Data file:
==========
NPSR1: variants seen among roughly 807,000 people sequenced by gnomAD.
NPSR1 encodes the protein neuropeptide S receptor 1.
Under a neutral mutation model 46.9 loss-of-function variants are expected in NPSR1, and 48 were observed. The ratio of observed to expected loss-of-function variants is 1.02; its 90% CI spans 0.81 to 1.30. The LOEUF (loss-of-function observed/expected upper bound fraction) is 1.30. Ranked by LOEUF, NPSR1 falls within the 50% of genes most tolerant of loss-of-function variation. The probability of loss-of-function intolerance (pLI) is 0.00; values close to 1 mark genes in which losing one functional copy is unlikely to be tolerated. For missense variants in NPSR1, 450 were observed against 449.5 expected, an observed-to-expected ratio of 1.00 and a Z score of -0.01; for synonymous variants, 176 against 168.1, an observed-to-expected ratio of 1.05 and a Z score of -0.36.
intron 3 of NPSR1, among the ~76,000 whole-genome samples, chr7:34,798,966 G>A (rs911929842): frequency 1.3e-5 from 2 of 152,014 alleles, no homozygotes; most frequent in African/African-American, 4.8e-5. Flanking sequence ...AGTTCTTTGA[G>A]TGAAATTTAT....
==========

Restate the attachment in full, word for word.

NPSR1: variants seen among roughly 807,000 people sequenced by gnomAD.
NPSR1 encodes the protein neuropeptide S receptor 1.
Under a neutral mutation model 46.9 loss-of-function variants are expected in NPSR1, and 48 were observed. The ratio of observed to expected loss-of-function variants is 1.02; its 90% CI spans 0.81 to 1.30. The LOEUF (loss-of-function observed/expected upper bound fraction) is 1.30. Ranked by LOEUF, NPSR1 falls within the 50% of genes most tolerant of loss-of-function variation. The probability of loss-of-function intolerance (pLI) is 0.00; values close to 1 mark genes in which losing one functional copy is unlikely to be tolerated. For missense variants in NPSR1, 450 were observed against 449.5 expected, an observed-to-expected ratio of 1.00 and a Z score of -0.01; for synonymous variants, 176 against 168.1, an observed-to-expected ratio of 1.05 and a Z score of -0.36.
intron 3 of NPSR1, among the ~76,000 whole-genome samples, chr7:34,798,966 G>A (rs911929842): frequency 1.3e-5 from 2 of 152,014 alleles, no homozygotes; most frequent in African/African-American, 4.8e-5. Flanking sequence ...AGTTCTTTGA[G>A]TGAAATTTAT....